I was thrilled at the prospect of switching between old and new visuals, as I could see just how far we’ve come in terms of graphical fidelity. The original games being over 25 years old will mean things like no lip-syncing, lack of lighting effects for the most part, and limited field of view present. With the remaster everything feels much smoother, and sharper for detail and scope, such as no more “Fog of War” covering the landscape, thus revealing a denser environment made up of foliage and organic matter like trees, ivy and even must making Lara’s world feel more alive.

Water appears more organic, having that weight and pressure which older games lacked, with textures on stone, metal, and tile adding a much grander sense of clarity. I love the fact that all 2D sprites have been replaced with 3D models, with the likes of TR I’s Sphinx in the City of Khamoon, having a fully 3D rendered face instead of a flat 2D PNG. Everything from environments to weapon models and key items has been fully and beautifully rendered, without compromise or massive deviations that ruin the feel of the game.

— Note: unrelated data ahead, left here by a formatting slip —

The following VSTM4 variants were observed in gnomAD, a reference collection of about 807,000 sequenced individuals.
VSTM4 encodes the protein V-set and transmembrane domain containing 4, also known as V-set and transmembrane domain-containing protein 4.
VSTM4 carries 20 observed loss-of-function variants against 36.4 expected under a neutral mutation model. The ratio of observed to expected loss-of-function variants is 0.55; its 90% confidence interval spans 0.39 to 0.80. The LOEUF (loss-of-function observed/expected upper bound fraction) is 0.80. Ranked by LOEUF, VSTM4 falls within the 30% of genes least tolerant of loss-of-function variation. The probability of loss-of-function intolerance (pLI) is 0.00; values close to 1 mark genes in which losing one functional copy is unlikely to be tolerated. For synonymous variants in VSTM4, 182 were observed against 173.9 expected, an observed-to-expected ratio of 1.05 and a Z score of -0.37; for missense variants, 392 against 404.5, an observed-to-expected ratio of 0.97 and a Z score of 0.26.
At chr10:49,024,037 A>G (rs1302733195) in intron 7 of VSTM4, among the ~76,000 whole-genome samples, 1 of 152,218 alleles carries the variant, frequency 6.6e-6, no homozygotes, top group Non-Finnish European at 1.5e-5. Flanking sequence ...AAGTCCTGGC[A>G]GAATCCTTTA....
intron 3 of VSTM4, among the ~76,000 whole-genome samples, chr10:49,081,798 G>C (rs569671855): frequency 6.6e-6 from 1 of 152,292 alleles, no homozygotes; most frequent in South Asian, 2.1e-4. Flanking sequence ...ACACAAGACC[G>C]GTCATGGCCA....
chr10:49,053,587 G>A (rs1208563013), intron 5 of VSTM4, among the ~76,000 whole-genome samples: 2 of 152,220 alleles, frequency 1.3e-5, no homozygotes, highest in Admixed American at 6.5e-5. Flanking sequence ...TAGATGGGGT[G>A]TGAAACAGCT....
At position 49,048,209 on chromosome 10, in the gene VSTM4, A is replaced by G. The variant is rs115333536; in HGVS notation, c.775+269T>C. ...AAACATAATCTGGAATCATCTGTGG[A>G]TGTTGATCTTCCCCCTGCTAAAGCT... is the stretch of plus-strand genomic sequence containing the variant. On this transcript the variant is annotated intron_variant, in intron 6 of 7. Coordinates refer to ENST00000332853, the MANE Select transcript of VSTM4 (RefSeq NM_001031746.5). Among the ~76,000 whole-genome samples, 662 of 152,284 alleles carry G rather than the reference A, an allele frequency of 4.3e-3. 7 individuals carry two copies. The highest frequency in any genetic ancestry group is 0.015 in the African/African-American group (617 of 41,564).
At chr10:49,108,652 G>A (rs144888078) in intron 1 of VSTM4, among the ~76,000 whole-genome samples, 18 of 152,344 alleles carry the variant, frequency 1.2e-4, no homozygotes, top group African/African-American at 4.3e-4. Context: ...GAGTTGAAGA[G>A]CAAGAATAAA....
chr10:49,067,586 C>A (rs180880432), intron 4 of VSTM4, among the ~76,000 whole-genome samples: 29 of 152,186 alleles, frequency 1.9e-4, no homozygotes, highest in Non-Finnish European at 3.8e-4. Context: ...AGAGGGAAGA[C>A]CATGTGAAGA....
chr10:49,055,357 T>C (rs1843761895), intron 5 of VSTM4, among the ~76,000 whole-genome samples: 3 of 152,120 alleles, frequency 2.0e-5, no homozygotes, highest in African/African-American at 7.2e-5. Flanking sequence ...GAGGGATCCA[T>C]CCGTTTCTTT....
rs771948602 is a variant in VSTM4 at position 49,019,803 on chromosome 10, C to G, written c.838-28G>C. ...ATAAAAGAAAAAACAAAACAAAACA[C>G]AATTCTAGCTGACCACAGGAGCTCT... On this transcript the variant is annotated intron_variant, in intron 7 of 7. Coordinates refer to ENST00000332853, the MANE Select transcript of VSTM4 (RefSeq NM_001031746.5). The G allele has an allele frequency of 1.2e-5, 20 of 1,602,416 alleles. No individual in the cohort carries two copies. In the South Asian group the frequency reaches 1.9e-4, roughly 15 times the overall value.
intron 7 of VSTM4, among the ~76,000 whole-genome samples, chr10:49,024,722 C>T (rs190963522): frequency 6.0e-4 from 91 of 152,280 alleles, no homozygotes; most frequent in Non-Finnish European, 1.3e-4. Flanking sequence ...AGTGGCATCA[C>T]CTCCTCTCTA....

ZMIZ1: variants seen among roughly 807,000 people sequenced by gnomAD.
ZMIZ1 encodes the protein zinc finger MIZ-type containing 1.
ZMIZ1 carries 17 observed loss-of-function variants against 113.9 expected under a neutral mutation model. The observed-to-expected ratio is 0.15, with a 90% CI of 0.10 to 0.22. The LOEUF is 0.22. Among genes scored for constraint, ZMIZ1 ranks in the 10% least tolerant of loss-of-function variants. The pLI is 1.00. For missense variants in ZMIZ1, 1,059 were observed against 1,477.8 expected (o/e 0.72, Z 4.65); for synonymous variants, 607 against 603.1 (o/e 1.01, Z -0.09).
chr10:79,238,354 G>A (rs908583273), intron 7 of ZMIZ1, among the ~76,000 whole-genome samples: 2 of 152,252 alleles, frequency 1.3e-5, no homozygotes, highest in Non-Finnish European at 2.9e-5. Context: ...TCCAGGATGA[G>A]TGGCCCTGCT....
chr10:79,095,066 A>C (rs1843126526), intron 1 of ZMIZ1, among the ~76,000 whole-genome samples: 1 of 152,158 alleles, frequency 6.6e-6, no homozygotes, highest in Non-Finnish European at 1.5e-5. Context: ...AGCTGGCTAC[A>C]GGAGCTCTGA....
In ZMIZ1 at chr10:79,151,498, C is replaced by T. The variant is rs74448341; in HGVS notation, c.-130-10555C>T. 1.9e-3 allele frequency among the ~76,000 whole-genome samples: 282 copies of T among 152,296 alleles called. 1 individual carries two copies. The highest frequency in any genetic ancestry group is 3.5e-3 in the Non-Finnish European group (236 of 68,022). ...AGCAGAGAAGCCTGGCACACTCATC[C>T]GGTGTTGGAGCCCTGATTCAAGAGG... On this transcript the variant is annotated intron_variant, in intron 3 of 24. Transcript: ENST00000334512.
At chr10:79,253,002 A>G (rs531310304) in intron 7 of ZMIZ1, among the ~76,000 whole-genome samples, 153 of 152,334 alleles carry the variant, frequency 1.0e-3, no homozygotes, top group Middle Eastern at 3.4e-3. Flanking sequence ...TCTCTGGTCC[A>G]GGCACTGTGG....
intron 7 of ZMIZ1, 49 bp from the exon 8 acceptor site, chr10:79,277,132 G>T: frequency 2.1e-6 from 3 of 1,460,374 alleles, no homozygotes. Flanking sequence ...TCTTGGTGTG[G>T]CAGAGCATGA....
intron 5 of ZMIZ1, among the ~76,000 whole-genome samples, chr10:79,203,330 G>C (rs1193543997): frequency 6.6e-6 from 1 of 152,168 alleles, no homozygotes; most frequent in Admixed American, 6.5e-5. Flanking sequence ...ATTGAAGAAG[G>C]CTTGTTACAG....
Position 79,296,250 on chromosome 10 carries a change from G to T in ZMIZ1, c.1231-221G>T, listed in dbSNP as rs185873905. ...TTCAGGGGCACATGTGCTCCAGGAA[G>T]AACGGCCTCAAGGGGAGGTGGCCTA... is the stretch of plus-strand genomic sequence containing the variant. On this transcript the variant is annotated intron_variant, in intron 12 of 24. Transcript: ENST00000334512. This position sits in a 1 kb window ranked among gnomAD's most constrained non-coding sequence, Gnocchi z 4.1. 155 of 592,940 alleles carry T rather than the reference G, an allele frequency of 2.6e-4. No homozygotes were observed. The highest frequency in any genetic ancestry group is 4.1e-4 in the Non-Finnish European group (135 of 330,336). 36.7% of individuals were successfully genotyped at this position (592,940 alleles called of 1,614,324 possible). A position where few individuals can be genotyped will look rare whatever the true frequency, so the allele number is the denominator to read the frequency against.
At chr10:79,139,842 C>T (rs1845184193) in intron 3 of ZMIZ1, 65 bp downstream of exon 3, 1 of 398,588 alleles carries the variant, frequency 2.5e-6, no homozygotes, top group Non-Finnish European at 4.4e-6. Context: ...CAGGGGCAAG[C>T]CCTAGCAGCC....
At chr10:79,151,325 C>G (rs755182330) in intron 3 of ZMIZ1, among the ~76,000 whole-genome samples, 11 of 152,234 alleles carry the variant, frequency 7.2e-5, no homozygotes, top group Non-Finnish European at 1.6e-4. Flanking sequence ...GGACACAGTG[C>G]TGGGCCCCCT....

Not Next Gen, but full of love, care and great craft .... I mean Croft

While not “next-gen” or in line with the reboot, the upscaling and visual improvements, and small details added to the environment such as the foliage and density are truly exceptional. Even small touches like when Lara fires her weapons, there are shell casings flying out and muzzle flares lighting up around her. This critical attention to detail just adds so much more vibrancy and a thriving sense of semi-realism you won’t help but admire.

All in-game cutscenes have been fully upscaled too (meaning I can finally see those weird muscle dudes from Tomb Raider II looking much more normal), and everything from snowy environments, underwater caves, and the golden sands of Egypt all looking incredibly clearer, having a better sense of geometry, and running all at a smooth performance. All those pixelated statue faces on the walls, and flat rocky surfaces all now look crisper, bulkier and not so flat, thanks to the uses of  Physically based rendering and manual crafting.